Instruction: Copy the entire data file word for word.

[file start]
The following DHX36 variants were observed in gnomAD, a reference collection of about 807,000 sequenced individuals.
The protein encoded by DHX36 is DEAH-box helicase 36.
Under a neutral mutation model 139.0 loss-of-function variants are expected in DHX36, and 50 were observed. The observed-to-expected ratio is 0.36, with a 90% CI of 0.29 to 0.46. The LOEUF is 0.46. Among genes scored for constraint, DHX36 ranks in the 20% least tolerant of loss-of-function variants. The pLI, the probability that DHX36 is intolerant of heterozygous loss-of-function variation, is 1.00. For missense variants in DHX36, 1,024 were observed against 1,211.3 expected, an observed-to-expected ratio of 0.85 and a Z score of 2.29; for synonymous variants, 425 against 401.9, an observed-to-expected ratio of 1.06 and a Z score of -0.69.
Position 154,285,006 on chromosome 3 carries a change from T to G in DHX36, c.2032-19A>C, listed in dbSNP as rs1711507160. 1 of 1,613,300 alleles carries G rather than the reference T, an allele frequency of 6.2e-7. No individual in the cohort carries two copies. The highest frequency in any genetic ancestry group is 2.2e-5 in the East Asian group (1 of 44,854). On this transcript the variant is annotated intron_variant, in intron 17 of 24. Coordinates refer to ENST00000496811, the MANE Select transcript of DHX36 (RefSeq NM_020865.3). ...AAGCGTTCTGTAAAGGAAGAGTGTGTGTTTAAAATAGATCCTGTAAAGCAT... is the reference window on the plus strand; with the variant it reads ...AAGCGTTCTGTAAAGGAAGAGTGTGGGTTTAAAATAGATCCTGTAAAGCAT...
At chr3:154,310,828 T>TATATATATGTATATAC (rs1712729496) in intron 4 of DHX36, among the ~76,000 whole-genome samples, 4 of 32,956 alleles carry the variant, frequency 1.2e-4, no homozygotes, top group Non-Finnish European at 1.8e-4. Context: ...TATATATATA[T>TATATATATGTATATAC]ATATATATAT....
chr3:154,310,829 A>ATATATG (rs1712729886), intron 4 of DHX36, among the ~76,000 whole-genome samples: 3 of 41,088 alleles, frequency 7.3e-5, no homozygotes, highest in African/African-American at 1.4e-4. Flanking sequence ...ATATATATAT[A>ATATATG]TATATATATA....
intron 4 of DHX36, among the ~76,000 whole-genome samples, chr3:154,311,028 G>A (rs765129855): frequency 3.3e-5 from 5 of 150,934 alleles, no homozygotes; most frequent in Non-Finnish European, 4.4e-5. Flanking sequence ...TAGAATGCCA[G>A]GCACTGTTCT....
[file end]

The following DHX36 variants were observed in gnomAD, a reference collection of about 807,000 sequenced individuals.
The protein encoded by DHX36 is DEAH-box helicase 36.
Under a neutral mutation model 139.0 loss-of-function variants are expected in DHX36, and 50 were observed. The observed-to-expected ratio is 0.36, with a 90% CI of 0.29 to 0.46. The LOEUF is 0.46. Among genes scored for constraint, DHX36 ranks in the 20% least tolerant of loss-of-function variants. The pLI, the probability that DHX36 is intolerant of heterozygous loss-of-function variation, is 1.00. For missense variants in DHX36, 1,024 were observed against 1,211.3 expected, an observed-to-expected ratio of 0.85 and a Z score of 2.29; for synonymous variants, 425 against 401.9, an observed-to-expected ratio of 1.06 and a Z score of -0.69.
Position 154,285,006 on chromosome 3 carries a change from T to G in DHX36, c.2032-19A>C, listed in dbSNP as rs1711507160. 1 of 1,613,300 alleles carries G rather than the reference T, an allele frequency of 6.2e-7. No individual in the cohort carries two copies. The highest frequency in any genetic ancestry group is 2.2e-5 in the East Asian group (1 of 44,854). On this transcript the variant is annotated intron_variant, in intron 17 of 24. Coordinates refer to ENST00000496811, the MANE Select transcript of DHX36 (RefSeq NM_020865.3). ...AAGCGTTCTGTAAAGGAAGAGTGTGTGTTTAAAATAGATCCTGTAAAGCAT... is the reference window on the plus strand; with the variant it reads ...AAGCGTTCTGTAAAGGAAGAGTGTGGGTTTAAAATAGATCCTGTAAAGCAT...
At chr3:154,310,828 T>TATATATATGTATATAC (rs1712729496) in intron 4 of DHX36, among the ~76,000 whole-genome samples, 4 of 32,956 alleles carry the variant, frequency 1.2e-4, no homozygotes, top group Non-Finnish European at 1.8e-4. Context: ...TATATATATA[T>TATATATATGTATATAC]ATATATATAT....
chr3:154,310,829 A>ATATATG (rs1712729886), intron 4 of DHX36, among the ~76,000 whole-genome samples: 3 of 41,088 alleles, frequency 7.3e-5, no homozygotes, highest in African/African-American at 1.4e-4. Flanking sequence ...ATATATATAT[A>ATATATG]TATATATATA....
intron 4 of DHX36, among the ~76,000 whole-genome samples, chr3:154,311,028 G>A (rs765129855): frequency 3.3e-5 from 5 of 150,934 alleles, no homozygotes; most frequent in Non-Finnish European, 4.4e-5. Flanking sequence ...TAGAATGCCA[G>A]GCACTGTTCT....